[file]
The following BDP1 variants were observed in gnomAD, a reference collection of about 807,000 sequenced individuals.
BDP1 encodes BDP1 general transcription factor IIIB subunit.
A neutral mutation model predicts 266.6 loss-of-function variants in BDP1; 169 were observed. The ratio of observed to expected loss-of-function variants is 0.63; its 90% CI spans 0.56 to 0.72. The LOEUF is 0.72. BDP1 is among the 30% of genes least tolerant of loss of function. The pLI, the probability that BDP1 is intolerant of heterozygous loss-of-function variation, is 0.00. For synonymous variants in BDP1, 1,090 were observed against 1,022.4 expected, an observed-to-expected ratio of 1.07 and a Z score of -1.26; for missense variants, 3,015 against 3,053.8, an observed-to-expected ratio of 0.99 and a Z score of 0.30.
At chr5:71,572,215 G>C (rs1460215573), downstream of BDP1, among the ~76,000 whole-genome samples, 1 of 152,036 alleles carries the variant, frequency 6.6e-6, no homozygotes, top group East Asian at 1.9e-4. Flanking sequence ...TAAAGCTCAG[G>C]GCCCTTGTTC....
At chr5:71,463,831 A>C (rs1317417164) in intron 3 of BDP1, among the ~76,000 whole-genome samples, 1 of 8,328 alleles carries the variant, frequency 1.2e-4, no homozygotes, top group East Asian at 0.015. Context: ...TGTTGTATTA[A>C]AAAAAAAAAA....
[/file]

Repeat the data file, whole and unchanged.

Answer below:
The following BDP1 variants were observed in gnomAD, a reference collection of about 807,000 sequenced individuals.
BDP1 encodes BDP1 general transcription factor IIIB subunit.
A neutral mutation model predicts 266.6 loss-of-function variants in BDP1; 169 were observed. The ratio of observed to expected loss-of-function variants is 0.63; its 90% CI spans 0.56 to 0.72. The LOEUF is 0.72. BDP1 is among the 30% of genes least tolerant of loss of function. The pLI, the probability that BDP1 is intolerant of heterozygous loss-of-function variation, is 0.00. For synonymous variants in BDP1, 1,090 were observed against 1,022.4 expected, an observed-to-expected ratio of 1.07 and a Z score of -1.26; for missense variants, 3,015 against 3,053.8, an observed-to-expected ratio of 0.99 and a Z score of 0.30.
At chr5:71,572,215 G>C (rs1460215573), downstream of BDP1, among the ~76,000 whole-genome samples, 1 of 152,036 alleles carries the variant, frequency 6.6e-6, no homozygotes, top group East Asian at 1.9e-4. Flanking sequence ...TAAAGCTCAG[G>C]GCCCTTGTTC....
At chr5:71,463,831 A>C (rs1317417164) in intron 3 of BDP1, among the ~76,000 whole-genome samples, 1 of 8,328 alleles carries the variant, frequency 1.2e-4, no homozygotes, top group East Asian at 0.015. Context: ...TGTTGTATTA[A>C]AAAAAAAAAA....